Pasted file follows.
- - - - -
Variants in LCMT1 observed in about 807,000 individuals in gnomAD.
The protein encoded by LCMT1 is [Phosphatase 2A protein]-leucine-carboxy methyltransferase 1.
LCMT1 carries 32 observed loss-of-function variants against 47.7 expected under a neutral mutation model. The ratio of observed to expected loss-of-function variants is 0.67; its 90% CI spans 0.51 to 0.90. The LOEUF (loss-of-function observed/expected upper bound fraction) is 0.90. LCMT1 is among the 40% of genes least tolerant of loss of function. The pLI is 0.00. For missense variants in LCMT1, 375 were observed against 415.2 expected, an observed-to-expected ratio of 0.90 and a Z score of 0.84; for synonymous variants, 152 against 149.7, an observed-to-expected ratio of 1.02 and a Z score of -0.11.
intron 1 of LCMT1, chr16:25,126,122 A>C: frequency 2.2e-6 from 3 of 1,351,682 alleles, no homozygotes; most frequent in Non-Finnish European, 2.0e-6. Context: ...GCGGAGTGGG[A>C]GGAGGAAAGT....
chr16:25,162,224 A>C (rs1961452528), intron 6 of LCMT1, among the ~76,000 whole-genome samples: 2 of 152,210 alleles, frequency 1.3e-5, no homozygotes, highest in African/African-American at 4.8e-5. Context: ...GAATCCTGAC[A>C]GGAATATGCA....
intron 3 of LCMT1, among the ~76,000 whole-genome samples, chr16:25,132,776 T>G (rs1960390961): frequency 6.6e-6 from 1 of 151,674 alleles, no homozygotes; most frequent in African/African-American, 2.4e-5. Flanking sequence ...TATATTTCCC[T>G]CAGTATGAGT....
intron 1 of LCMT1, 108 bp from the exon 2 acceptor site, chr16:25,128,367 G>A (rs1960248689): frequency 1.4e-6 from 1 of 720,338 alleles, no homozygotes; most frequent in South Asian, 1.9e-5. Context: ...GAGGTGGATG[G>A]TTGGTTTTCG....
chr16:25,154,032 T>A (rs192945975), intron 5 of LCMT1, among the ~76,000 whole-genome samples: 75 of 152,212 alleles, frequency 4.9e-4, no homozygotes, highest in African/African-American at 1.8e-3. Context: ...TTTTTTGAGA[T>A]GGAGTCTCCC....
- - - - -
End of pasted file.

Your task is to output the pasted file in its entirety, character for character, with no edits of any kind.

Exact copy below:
Variants in LCMT1 observed in about 807,000 individuals in gnomAD.
The protein encoded by LCMT1 is [Phosphatase 2A protein]-leucine-carboxy methyltransferase 1.
LCMT1 carries 32 observed loss-of-function variants against 47.7 expected under a neutral mutation model. The ratio of observed to expected loss-of-function variants is 0.67; its 90% CI spans 0.51 to 0.90. The LOEUF (loss-of-function observed/expected upper bound fraction) is 0.90. LCMT1 is among the 40% of genes least tolerant of loss of function. The pLI is 0.00. For missense variants in LCMT1, 375 were observed against 415.2 expected, an observed-to-expected ratio of 0.90 and a Z score of 0.84; for synonymous variants, 152 against 149.7, an observed-to-expected ratio of 1.02 and a Z score of -0.11.
intron 1 of LCMT1, chr16:25,126,122 A>C: frequency 2.2e-6 from 3 of 1,351,682 alleles, no homozygotes; most frequent in Non-Finnish European, 2.0e-6. Context: ...GCGGAGTGGG[A>C]GGAGGAAAGT....
chr16:25,162,224 A>C (rs1961452528), intron 6 of LCMT1, among the ~76,000 whole-genome samples: 2 of 152,210 alleles, frequency 1.3e-5, no homozygotes, highest in African/African-American at 4.8e-5. Context: ...GAATCCTGAC[A>C]GGAATATGCA....
intron 3 of LCMT1, among the ~76,000 whole-genome samples, chr16:25,132,776 T>G (rs1960390961): frequency 6.6e-6 from 1 of 151,674 alleles, no homozygotes; most frequent in African/African-American, 2.4e-5. Flanking sequence ...TATATTTCCC[T>G]CAGTATGAGT....
intron 1 of LCMT1, 108 bp from the exon 2 acceptor site, chr16:25,128,367 G>A (rs1960248689): frequency 1.4e-6 from 1 of 720,338 alleles, no homozygotes; most frequent in South Asian, 1.9e-5. Context: ...GAGGTGGATG[G>A]TTGGTTTTCG....
chr16:25,154,032 T>A (rs192945975), intron 5 of LCMT1, among the ~76,000 whole-genome samples: 75 of 152,212 alleles, frequency 4.9e-4, no homozygotes, highest in African/African-American at 1.8e-3. Context: ...TTTTTTGAGA[T>A]GGAGTCTCCC....